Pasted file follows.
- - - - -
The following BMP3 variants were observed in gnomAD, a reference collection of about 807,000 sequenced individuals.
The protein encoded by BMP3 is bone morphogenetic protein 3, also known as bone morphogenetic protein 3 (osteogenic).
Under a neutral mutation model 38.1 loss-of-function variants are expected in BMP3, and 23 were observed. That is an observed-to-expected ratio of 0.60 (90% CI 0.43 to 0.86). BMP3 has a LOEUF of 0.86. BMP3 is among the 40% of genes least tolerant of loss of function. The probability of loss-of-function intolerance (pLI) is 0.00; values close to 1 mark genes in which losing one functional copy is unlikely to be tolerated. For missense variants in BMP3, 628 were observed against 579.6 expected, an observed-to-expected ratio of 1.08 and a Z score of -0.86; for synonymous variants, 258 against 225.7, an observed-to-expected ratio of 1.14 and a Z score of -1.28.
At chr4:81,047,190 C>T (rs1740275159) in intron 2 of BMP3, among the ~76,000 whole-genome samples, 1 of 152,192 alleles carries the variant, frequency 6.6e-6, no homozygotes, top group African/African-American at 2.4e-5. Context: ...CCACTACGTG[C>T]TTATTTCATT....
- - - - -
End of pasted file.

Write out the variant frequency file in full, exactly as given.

The following BMP3 variants were observed in gnomAD, a reference collection of about 807,000 sequenced individuals.
The protein encoded by BMP3 is bone morphogenetic protein 3, also known as bone morphogenetic protein 3 (osteogenic).
Under a neutral mutation model 38.1 loss-of-function variants are expected in BMP3, and 23 were observed. That is an observed-to-expected ratio of 0.60 (90% CI 0.43 to 0.86). BMP3 has a LOEUF of 0.86. BMP3 is among the 40% of genes least tolerant of loss of function. The probability of loss-of-function intolerance (pLI) is 0.00; values close to 1 mark genes in which losing one functional copy is unlikely to be tolerated. For missense variants in BMP3, 628 were observed against 579.6 expected, an observed-to-expected ratio of 1.08 and a Z score of -0.86; for synonymous variants, 258 against 225.7, an observed-to-expected ratio of 1.14 and a Z score of -1.28.
At chr4:81,047,190 C>T (rs1740275159) in intron 2 of BMP3, among the ~76,000 whole-genome samples, 1 of 152,192 alleles carries the variant, frequency 6.6e-6, no homozygotes, top group African/African-American at 2.4e-5. Context: ...CCACTACGTG[C>T]TTATTTCATT....